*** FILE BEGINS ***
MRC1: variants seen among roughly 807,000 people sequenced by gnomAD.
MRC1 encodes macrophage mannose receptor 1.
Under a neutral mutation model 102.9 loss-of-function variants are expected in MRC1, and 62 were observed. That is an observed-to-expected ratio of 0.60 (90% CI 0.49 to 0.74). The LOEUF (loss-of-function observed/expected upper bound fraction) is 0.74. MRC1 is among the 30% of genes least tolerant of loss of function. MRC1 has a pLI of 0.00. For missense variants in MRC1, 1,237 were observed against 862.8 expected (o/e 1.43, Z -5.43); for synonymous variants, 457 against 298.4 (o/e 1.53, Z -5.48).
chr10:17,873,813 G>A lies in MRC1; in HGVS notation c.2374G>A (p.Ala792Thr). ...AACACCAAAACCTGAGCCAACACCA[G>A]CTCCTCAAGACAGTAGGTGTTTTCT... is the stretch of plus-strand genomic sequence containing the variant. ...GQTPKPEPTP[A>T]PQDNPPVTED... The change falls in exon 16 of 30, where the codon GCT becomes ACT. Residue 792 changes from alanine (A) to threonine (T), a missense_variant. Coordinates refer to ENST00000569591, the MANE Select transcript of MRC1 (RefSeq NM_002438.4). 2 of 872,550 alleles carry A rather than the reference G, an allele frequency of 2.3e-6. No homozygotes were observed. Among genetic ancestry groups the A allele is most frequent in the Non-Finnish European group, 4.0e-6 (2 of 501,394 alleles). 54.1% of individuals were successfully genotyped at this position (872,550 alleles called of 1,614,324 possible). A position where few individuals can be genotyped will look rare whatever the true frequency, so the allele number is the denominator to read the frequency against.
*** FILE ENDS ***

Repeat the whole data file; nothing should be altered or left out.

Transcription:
MRC1: variants seen among roughly 807,000 people sequenced by gnomAD.
MRC1 encodes macrophage mannose receptor 1.
Under a neutral mutation model 102.9 loss-of-function variants are expected in MRC1, and 62 were observed. That is an observed-to-expected ratio of 0.60 (90% CI 0.49 to 0.74). The LOEUF (loss-of-function observed/expected upper bound fraction) is 0.74. MRC1 is among the 30% of genes least tolerant of loss of function. MRC1 has a pLI of 0.00. For missense variants in MRC1, 1,237 were observed against 862.8 expected (o/e 1.43, Z -5.43); for synonymous variants, 457 against 298.4 (o/e 1.53, Z -5.48).
chr10:17,873,813 G>A lies in MRC1; in HGVS notation c.2374G>A (p.Ala792Thr). ...AACACCAAAACCTGAGCCAACACCA[G>A]CTCCTCAAGACAGTAGGTGTTTTCT... is the stretch of plus-strand genomic sequence containing the variant. ...GQTPKPEPTP[A>T]PQDNPPVTED... The change falls in exon 16 of 30, where the codon GCT becomes ACT. Residue 792 changes from alanine (A) to threonine (T), a missense_variant. Coordinates refer to ENST00000569591, the MANE Select transcript of MRC1 (RefSeq NM_002438.4). 2 of 872,550 alleles carry A rather than the reference G, an allele frequency of 2.3e-6. No homozygotes were observed. Among genetic ancestry groups the A allele is most frequent in the Non-Finnish European group, 4.0e-6 (2 of 501,394 alleles). 54.1% of individuals were successfully genotyped at this position (872,550 alleles called of 1,614,324 possible). A position where few individuals can be genotyped will look rare whatever the true frequency, so the allele number is the denominator to read the frequency against.